Palestinian Freedom Isn’t a Threat to Jews

For years, there has been a cynical campaign to cast the struggle against apartheid in Israel as a threat to Jews – but growing numbers of Jewish people refuse to accept that their safety relies on the oppression of others.

Recent weeks have seen increasing expressions of solidarity with Palestine from the Jewish diaspora. (Credit: Amal Hack)

When I spent my gap year in Israel, a common occurrence for Jewish teenagers, we weren’t allowed to go over the Green Line. Our programme ‘didn’t have the right insurance.’

Looking back, I’ve often thought this was deliberate. In a place so deeply segregated as Palestine-Israel (both inside and outside the Green Line), young diaspora Jews being barred en masse from visiting majority Palestinian areas means that you will never have to meet Palestinians; never hear their stories, never build those friendships.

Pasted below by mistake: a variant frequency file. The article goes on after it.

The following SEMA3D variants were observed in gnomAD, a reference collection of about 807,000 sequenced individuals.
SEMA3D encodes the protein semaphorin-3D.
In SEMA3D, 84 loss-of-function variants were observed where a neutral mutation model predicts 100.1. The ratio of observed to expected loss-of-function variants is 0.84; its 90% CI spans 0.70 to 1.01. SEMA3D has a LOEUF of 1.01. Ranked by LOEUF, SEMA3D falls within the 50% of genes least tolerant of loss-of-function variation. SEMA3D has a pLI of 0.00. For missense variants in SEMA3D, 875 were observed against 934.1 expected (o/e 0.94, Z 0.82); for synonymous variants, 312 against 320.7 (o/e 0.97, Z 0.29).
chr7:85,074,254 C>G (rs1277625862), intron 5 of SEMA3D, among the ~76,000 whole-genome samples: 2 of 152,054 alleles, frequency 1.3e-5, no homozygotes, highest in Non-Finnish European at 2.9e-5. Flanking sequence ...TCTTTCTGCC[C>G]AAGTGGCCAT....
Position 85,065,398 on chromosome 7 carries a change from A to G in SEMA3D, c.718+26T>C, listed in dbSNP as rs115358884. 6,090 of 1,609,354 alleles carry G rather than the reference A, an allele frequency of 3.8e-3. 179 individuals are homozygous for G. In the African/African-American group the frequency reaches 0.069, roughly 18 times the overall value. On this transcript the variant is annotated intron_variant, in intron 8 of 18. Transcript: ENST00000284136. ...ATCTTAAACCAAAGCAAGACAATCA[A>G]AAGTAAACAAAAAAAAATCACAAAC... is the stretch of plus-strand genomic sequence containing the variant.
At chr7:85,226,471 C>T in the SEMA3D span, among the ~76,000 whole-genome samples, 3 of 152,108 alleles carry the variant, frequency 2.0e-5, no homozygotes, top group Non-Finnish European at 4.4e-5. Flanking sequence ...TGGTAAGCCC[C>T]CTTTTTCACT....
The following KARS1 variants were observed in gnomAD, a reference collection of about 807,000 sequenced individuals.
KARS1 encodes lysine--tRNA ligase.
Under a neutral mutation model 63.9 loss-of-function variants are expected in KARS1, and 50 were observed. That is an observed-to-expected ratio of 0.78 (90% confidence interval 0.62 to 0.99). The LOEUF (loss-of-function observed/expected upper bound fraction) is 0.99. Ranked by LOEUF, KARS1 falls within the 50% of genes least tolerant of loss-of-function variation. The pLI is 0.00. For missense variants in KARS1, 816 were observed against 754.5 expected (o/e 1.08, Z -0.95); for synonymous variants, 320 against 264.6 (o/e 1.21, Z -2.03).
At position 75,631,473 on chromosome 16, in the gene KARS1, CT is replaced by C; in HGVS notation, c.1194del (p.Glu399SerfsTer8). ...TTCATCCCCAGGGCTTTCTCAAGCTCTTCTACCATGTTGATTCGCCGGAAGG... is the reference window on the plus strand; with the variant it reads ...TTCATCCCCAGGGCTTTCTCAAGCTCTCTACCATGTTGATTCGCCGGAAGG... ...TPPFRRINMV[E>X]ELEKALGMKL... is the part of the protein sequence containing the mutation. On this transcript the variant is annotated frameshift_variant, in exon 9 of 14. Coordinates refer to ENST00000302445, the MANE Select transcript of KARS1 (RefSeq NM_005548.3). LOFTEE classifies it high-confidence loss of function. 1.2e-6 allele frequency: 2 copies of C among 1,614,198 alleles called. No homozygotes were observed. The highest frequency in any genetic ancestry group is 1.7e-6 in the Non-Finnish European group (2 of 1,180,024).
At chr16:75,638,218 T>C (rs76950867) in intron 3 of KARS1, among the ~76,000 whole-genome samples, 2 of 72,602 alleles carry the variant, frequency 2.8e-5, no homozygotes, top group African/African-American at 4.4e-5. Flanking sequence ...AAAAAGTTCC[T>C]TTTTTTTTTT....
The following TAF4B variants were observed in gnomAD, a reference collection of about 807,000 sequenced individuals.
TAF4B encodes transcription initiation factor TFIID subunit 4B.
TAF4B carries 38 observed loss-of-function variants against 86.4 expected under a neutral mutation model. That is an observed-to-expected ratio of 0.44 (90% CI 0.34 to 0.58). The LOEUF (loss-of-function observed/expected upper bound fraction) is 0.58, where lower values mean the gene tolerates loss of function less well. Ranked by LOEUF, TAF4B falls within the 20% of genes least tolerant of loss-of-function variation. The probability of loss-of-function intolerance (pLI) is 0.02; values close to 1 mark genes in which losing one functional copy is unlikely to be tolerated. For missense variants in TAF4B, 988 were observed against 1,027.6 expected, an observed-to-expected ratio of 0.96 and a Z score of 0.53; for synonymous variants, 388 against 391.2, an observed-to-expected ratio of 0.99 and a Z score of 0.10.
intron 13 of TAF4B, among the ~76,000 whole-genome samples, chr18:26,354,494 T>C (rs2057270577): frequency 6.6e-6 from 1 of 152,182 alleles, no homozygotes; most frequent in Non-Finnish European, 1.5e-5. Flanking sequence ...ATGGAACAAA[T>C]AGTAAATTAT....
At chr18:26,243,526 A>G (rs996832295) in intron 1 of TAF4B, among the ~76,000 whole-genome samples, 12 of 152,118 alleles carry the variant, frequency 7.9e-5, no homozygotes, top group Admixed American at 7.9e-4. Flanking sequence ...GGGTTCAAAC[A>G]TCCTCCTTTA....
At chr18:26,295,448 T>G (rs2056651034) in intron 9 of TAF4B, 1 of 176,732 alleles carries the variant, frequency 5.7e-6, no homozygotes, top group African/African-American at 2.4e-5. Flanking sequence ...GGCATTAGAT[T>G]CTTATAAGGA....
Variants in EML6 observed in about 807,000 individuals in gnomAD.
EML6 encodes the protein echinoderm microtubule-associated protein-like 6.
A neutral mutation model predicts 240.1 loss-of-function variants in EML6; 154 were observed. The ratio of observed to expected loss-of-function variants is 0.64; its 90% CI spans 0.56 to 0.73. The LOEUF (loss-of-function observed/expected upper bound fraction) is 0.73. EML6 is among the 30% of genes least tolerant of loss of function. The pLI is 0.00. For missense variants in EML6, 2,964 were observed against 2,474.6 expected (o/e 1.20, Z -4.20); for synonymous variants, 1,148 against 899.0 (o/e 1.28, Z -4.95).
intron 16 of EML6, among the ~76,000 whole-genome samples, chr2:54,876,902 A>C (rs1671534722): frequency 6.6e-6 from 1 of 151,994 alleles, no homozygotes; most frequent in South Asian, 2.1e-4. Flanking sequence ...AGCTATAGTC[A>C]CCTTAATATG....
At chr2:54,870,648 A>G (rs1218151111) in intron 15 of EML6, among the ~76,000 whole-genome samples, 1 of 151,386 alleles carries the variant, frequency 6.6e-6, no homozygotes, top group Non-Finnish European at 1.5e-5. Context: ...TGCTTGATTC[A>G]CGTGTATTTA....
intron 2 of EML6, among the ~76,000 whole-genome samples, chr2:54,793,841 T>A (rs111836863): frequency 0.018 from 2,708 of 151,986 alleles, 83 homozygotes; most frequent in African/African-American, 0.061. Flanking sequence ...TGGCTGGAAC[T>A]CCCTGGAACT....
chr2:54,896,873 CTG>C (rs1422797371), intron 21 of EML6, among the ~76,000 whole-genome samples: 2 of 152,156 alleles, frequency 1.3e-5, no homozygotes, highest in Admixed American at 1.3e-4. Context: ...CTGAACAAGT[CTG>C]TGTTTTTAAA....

Our only understanding of Israel’s history and its present came from fellow Jews or Israelis. The bureaucracy and infrastructure that underpins diaspora Jews’ relationship with Israel is constructed in such a way that we never need to confront the violence and displacement done so often in the name of Jewishness.

The culture of dehumanisation in which Palestinians live has been clear over the last two weeks. I watched in horror, but not surprise, as mobs of Jewish fascists patrolled the streets of Jaffa, Lod, and Bat Yam, attacking Palestinians. These kinds of attacks are already routine in the Occupied Territories.